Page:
Sunday, August 7, 2011 , Updated 4:38 p.m., August 8, 2011
UPDATEDx2: Charles Wyly, namesake for Wyly Theatre in Dallas, died
The news came as a shock to Dallas' arts community.
DALLAS One of the founding fathers of the AT&T Performing Arts Center in Dallas has died. Charles Joseph Wyly, Jr., died in a car accident in Aspen, Colorado on Sunday. He was 77.
According to Colorado police, Wyly was trying to make a left turn when a Ford SUV hit the driver's side of his Porsche. Wyly died from injuries at a hospital Sunday afternoon, according to a story in the Denver Post.
Wyly gave $20 million to the building with his name on it, the Dee and Charles Wyly Theatre in Dallas. AT&T Performing Arts Center board member Deedie Rose said in a statement that Wyly was "always the voice of calm and reason" when it came to getting the Arts District financed and built.
He was also facing insider trading charges, accused of hiding transactions offshore. Charles Wyly and his brother Sam Wyly denied wrongdoing.
His legacy is an important one to the state of Dallas arts. “We would not have had the Center without him,” said Bess Enloe, vice-chair of the AT&T Center for the Performing Arts’ Board of Directors, in a statement. “He understood how the Center, over time, would absolutely transform the city of Dallas, and he never lost sight of that.”
UPDATE: Wyly was also active in The Salvation Army since he joined the advisory board 40 years ago. "We have lost one of the truly great gentlemen of the world in Charles Wyly," said Major Ward Matthews, The Salvation Army's DFW Metroplex Commander, in a statement. "He cared for and shared with the poorest among us. When we were with Charles, we were always impressed with his humility. I never felt ill at ease about speaking to this billionaire who so humbly wanted to make sure everyone who came through the doors of The Salvation Army had a place to sleep and good food to eat. He was about the future: What could The Salvation Army do to help more? How could we serve better? How could we raise more money to help the poor? And in that, he led by example."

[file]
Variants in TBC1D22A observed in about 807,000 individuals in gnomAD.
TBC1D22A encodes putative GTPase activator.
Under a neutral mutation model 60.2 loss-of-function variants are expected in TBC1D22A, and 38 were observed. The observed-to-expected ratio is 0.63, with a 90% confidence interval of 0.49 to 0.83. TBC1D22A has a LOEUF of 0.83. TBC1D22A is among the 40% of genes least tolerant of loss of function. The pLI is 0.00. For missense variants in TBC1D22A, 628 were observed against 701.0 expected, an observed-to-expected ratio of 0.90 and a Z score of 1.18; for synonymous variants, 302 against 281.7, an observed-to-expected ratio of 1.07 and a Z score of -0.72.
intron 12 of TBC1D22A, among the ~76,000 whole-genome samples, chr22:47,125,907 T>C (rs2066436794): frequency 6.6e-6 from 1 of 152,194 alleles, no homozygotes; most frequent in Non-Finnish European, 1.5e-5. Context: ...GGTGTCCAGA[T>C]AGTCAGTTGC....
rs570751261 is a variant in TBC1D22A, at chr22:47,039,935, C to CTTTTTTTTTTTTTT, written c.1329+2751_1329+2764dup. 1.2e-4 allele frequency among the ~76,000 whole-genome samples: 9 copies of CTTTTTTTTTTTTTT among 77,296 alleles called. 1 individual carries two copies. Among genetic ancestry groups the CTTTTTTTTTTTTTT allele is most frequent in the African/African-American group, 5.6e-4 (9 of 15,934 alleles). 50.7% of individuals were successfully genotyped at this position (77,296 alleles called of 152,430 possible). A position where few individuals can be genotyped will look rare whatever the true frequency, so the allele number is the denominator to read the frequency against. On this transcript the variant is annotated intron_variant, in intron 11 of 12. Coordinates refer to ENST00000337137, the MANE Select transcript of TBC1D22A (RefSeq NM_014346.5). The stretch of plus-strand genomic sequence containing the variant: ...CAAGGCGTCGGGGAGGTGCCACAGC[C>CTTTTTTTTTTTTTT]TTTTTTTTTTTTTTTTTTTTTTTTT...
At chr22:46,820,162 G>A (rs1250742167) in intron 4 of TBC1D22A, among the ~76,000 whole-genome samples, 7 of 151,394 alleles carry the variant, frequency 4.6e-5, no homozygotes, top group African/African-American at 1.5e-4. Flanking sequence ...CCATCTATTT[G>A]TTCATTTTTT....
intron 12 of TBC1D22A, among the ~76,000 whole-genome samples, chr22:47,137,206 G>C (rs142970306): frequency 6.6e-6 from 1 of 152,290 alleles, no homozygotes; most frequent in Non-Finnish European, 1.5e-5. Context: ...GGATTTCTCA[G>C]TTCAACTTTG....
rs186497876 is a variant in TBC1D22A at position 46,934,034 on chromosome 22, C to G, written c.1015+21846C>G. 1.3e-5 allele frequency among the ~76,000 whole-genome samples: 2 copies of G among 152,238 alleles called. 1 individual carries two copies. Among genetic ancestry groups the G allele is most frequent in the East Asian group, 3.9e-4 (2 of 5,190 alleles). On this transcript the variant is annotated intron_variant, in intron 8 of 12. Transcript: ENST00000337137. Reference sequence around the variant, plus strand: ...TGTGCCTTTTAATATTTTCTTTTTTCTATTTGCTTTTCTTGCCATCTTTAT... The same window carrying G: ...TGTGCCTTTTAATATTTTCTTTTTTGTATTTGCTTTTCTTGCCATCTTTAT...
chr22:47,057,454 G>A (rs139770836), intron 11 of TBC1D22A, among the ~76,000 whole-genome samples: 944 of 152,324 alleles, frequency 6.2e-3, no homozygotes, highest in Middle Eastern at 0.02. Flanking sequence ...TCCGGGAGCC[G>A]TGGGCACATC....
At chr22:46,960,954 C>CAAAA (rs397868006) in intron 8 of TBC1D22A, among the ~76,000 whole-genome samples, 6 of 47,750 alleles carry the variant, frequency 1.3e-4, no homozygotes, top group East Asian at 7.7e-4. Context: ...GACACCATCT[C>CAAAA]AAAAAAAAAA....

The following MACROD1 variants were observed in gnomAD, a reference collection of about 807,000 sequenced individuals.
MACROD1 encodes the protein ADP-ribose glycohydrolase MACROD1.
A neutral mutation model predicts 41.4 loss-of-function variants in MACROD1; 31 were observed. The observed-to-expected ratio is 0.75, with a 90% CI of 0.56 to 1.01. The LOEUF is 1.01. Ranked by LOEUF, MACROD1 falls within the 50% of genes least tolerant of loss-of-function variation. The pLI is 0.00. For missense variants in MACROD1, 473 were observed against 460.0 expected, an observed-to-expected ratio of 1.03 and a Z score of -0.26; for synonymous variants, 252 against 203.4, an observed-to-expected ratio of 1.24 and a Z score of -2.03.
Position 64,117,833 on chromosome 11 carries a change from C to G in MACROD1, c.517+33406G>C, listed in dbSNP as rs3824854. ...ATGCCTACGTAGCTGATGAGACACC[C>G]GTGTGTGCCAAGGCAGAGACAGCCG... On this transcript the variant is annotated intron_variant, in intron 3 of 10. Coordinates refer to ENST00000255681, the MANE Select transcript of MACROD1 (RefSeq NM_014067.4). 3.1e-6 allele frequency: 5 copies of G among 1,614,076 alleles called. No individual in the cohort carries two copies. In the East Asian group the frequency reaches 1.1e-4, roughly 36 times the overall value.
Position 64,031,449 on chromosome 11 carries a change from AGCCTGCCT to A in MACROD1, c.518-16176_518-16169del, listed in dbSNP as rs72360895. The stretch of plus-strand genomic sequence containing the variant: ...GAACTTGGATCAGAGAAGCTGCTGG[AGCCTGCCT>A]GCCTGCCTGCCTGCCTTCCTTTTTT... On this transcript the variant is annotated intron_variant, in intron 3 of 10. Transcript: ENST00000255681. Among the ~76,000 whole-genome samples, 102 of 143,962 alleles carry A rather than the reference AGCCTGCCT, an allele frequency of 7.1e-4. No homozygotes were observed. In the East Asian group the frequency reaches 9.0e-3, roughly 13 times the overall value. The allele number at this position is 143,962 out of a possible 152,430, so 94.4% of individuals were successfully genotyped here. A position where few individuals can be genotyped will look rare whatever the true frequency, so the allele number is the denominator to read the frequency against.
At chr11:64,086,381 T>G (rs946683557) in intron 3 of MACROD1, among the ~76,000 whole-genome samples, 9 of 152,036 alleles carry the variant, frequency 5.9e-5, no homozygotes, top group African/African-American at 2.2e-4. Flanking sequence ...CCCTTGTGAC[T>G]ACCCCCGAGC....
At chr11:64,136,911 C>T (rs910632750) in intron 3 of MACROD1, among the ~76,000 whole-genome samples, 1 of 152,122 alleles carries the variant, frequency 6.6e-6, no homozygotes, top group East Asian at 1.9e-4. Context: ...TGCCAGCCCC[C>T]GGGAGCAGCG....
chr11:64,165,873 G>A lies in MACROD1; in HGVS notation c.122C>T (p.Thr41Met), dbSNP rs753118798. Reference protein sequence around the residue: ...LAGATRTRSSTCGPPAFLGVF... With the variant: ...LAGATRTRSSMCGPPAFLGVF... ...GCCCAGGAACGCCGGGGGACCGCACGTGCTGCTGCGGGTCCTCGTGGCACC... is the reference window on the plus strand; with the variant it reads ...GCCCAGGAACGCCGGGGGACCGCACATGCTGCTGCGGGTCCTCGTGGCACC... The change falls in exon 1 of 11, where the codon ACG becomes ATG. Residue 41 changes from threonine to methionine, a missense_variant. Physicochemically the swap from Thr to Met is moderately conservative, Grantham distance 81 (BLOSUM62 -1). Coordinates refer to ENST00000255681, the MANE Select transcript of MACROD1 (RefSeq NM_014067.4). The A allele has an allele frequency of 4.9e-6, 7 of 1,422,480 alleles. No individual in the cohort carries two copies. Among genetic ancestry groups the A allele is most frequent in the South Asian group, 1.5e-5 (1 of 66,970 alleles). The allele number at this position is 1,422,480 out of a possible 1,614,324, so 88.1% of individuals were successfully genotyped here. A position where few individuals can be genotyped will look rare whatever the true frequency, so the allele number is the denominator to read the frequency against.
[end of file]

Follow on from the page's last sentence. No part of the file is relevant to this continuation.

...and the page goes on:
UPDATE x2: Kevin Moriarty, artistic director for the Dallas Theater Center, said meeting Wyly helped him decide to take his current job.
"I first met Charles during my initial visits to Dallas, during the interview process, prior to making the decision to come here and become DTC's artistic director in 2007," Moriarty said in a statement. "His personal warmth, deep commitment to Dallas, and his abiding love for the theater were instrumental in my decision to accept the job when it was offered."
Frank Risch, chairman of the board of the Dallas Theater Center, offered this note: "Many of us will long remember opening night of A Midsummer Night's Dream, which formally opened our new home at the Dee and Charles Wyly Theater. Upon ending his brief remarks, in his typical modest way, he turned away from the podium to walk off stage, not aware of the standing ovation of a grateful audience of theatergoers who wished him to remain on stage so that they could thank him with their applause.
"We at Dallas Theater Center, and indeed all of us in this wonderful community that he made so much better, have lost a great friend," he said in a statement.
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